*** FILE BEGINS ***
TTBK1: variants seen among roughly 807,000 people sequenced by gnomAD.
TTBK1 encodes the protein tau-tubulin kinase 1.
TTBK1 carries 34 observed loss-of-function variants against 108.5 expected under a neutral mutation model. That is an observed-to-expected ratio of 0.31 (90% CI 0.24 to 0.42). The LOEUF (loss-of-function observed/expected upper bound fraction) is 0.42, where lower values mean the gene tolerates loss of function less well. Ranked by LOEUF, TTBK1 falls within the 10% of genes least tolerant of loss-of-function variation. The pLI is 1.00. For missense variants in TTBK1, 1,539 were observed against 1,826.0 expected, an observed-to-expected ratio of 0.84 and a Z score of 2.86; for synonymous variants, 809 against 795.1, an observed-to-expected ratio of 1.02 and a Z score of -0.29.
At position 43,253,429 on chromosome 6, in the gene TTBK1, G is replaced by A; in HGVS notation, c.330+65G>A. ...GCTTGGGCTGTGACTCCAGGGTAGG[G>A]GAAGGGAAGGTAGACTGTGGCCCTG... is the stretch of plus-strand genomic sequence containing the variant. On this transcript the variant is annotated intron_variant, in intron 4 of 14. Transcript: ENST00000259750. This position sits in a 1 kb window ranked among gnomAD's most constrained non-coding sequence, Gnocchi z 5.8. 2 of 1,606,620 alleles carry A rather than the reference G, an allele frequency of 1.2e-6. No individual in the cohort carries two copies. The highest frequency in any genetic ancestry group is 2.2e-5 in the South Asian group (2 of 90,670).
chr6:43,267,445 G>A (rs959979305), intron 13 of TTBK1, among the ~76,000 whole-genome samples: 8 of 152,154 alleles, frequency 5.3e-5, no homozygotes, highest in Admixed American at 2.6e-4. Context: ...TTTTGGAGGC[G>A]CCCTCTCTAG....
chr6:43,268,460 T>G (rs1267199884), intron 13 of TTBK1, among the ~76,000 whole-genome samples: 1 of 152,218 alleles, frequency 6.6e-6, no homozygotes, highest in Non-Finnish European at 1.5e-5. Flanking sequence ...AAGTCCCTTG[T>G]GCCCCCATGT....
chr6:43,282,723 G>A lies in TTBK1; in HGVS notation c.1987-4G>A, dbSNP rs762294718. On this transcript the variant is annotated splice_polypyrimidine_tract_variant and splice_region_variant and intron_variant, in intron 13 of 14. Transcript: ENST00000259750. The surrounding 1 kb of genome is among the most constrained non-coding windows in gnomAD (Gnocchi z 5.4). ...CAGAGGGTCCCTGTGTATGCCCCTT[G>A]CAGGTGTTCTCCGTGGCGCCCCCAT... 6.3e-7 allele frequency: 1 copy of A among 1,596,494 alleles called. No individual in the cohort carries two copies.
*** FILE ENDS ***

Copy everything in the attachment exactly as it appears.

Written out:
TTBK1: variants seen among roughly 807,000 people sequenced by gnomAD.
TTBK1 encodes the protein tau-tubulin kinase 1.
TTBK1 carries 34 observed loss-of-function variants against 108.5 expected under a neutral mutation model. That is an observed-to-expected ratio of 0.31 (90% CI 0.24 to 0.42). The LOEUF (loss-of-function observed/expected upper bound fraction) is 0.42, where lower values mean the gene tolerates loss of function less well. Ranked by LOEUF, TTBK1 falls within the 10% of genes least tolerant of loss-of-function variation. The pLI is 1.00. For missense variants in TTBK1, 1,539 were observed against 1,826.0 expected, an observed-to-expected ratio of 0.84 and a Z score of 2.86; for synonymous variants, 809 against 795.1, an observed-to-expected ratio of 1.02 and a Z score of -0.29.
At position 43,253,429 on chromosome 6, in the gene TTBK1, G is replaced by A; in HGVS notation, c.330+65G>A. ...GCTTGGGCTGTGACTCCAGGGTAGG[G>A]GAAGGGAAGGTAGACTGTGGCCCTG... is the stretch of plus-strand genomic sequence containing the variant. On this transcript the variant is annotated intron_variant, in intron 4 of 14. Transcript: ENST00000259750. This position sits in a 1 kb window ranked among gnomAD's most constrained non-coding sequence, Gnocchi z 5.8. 2 of 1,606,620 alleles carry A rather than the reference G, an allele frequency of 1.2e-6. No individual in the cohort carries two copies. The highest frequency in any genetic ancestry group is 2.2e-5 in the South Asian group (2 of 90,670).
chr6:43,267,445 G>A (rs959979305), intron 13 of TTBK1, among the ~76,000 whole-genome samples: 8 of 152,154 alleles, frequency 5.3e-5, no homozygotes, highest in Admixed American at 2.6e-4. Context: ...TTTTGGAGGC[G>A]CCCTCTCTAG....
chr6:43,268,460 T>G (rs1267199884), intron 13 of TTBK1, among the ~76,000 whole-genome samples: 1 of 152,218 alleles, frequency 6.6e-6, no homozygotes, highest in Non-Finnish European at 1.5e-5. Flanking sequence ...AAGTCCCTTG[T>G]GCCCCCATGT....
chr6:43,282,723 G>A lies in TTBK1; in HGVS notation c.1987-4G>A, dbSNP rs762294718. On this transcript the variant is annotated splice_polypyrimidine_tract_variant and splice_region_variant and intron_variant, in intron 13 of 14. Transcript: ENST00000259750. The surrounding 1 kb of genome is among the most constrained non-coding windows in gnomAD (Gnocchi z 5.4). ...CAGAGGGTCCCTGTGTATGCCCCTT[G>A]CAGGTGTTCTCCGTGGCGCCCCCAT... 6.3e-7 allele frequency: 1 copy of A among 1,596,494 alleles called. No individual in the cohort carries two copies.